Buckingham Palace announced on Saturday that Prince Harry and his wife Meghan Markle would no longer be working members of the British royal family, and would no longer use their “Royal Highness” titles. Harry and Meghan had earlier said they would step back as senior members of the royal family, spend more time in North America, and “work to become financially independent”.
Like Harry and Meghan, royals in other parts of Europe too, have had trouble confining themselves solely to traditional duties, and have tried to pursue professional careers.
King Willem-Alexander is an avid pilot. In 2017, the monarch revealed that he had served as First Officer on KLM flights for 21 years, even after taking over the throne from his mother Beatrix in 2013, all the while balancing royal duties.
His wife Maxima has served as the United Nations Secretary-General’s Special Advocate for Inclusive Finance for Development since 2009.
When Sweden’s Princess Madeleine married British-American financier Christopher O’Neill in 2013, the latter refused a royal title so that he could keep working.
The youngest child of King Carl XVI Gustaf and Queen Silvia, Madeleine performs royal duties, and is seventh in line to the throne. O’Neill appears with the royal family on major occasions.
Princess Cristina, sixth in line to the throne and one of King Felipe VI’s older siblings, chose to work in the private sector, taking up jobs at the Caixa Bank Foundation and the Aga Khan Trust.
Cristina and her husband Iñaki Urdangarin were embroiled in controversy in 2016 after Urdangarin was convicted of embezzling around € 6.2 million of public funds, and sent to jail. The princess lost her “Duchess of Palma” title during the inquiry, but was herself acquitted of wrongdoing.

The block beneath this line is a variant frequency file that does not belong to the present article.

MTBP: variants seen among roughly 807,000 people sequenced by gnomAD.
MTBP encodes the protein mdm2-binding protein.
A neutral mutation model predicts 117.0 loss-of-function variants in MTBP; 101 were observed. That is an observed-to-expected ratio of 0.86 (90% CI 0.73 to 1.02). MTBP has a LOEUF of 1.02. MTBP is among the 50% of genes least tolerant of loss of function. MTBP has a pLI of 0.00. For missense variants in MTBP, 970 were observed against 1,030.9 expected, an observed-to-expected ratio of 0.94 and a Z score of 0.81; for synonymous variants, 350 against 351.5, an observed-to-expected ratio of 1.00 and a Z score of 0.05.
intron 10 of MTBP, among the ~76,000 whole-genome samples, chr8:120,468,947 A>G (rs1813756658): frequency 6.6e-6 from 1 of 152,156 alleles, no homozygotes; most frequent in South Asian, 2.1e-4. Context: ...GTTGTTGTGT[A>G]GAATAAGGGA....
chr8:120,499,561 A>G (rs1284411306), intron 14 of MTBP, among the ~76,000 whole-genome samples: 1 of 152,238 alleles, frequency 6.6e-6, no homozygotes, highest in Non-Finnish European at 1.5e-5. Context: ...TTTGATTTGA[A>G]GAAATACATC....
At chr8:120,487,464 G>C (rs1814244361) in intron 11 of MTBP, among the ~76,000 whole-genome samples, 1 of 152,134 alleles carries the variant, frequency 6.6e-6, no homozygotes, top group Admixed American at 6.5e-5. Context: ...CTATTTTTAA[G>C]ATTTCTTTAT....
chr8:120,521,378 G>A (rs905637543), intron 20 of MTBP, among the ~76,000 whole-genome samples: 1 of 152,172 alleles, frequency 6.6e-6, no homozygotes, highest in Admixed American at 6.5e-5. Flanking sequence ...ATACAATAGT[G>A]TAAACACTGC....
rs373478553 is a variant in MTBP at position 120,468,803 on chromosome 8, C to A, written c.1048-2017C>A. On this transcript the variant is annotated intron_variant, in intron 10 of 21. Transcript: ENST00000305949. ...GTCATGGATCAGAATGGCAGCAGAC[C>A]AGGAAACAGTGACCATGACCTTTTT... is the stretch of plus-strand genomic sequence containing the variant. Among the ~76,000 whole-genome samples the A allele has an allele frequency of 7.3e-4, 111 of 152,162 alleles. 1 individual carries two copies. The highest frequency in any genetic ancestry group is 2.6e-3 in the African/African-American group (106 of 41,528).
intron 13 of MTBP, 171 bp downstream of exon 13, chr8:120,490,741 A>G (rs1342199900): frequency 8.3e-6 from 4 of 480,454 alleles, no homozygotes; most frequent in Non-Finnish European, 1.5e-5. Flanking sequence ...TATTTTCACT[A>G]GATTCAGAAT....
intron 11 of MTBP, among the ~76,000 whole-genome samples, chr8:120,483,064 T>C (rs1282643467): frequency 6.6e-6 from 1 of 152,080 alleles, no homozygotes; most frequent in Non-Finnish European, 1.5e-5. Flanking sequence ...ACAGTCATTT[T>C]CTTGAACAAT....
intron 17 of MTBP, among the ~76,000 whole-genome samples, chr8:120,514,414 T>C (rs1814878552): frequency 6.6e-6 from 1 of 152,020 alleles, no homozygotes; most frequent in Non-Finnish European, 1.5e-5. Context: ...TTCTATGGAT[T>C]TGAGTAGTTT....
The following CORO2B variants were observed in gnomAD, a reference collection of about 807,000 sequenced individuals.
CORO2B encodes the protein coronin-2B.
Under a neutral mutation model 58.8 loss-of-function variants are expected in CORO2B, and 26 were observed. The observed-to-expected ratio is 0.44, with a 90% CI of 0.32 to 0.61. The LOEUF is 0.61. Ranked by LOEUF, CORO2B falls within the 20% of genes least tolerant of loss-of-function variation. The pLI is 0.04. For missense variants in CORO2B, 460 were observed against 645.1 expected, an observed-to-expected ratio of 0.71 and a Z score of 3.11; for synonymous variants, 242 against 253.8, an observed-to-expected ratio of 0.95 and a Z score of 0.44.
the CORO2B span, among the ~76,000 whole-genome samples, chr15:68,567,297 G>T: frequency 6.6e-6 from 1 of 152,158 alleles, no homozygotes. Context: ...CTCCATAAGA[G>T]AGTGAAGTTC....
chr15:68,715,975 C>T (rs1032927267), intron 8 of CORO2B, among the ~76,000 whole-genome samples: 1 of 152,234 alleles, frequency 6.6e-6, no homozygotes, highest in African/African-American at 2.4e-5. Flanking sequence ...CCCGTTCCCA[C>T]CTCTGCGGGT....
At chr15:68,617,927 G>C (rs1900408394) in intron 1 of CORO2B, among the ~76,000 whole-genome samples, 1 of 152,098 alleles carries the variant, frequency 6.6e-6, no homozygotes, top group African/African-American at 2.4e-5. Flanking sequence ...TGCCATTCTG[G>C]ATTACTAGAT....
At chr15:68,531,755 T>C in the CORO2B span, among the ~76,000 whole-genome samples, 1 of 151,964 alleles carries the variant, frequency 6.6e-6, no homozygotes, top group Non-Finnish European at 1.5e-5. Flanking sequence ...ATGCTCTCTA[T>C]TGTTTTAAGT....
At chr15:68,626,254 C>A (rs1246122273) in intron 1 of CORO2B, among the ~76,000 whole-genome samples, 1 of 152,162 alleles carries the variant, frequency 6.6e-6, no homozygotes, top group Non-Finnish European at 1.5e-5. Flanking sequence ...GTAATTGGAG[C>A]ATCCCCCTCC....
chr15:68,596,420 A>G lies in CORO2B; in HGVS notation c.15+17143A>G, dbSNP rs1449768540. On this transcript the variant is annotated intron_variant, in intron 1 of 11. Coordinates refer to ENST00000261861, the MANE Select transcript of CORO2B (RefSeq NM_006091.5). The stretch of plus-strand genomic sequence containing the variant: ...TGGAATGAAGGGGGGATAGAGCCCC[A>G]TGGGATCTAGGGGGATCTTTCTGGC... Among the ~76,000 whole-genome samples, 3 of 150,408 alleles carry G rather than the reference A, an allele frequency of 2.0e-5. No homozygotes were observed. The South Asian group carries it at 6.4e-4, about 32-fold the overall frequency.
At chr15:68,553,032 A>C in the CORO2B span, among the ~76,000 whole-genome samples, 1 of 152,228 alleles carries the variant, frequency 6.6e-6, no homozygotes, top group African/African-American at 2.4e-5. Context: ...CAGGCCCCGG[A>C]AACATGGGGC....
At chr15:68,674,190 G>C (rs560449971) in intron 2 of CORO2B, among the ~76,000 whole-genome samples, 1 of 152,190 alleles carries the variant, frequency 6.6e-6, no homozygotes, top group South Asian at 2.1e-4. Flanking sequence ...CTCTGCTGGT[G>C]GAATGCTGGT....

King Harald’s oldest child and fourth in line to the throne, Princess Martha Louise, dropped the “Royal Highness” part of her title in 2002, saying she wanted to pursue private interests, and married Norwegian writer Ari Behn that year.
After the couple divorced in 2017, Martha dated self-described American ‘shaman’ Durek Verrett, and the pair organised seminars titled “The Princess and the Shaman”. Following widespread criticism, Martha apologised and promised not to use her royal title in the future.
Prince Laurent, brother of King Philippe and 13th in line to the throne, has been dubbed prince maudit or “cursed prince” for his unconventional ways. In 2018, the Belgian House of Representatives slashed Laurent’s annual endowment of around €300,000 by €46,000 for a year after the prince attended, in the previous year, a Chinese embassy reception in military uniform without government permission.
Queen Elizabeth II’s youngest child and Harry’s uncle, Prince Edward, ran a TV production firm from 1993 to 2011. His wife Sophie ran a public relations company, and was the target of a sting operation in 2001, in which she told an undercover reporter pretending to be a wealthy sheikh that her royal status could fetch him greater publicity.
The couple have since been devoted to royal duties, and have kept away from private projects.
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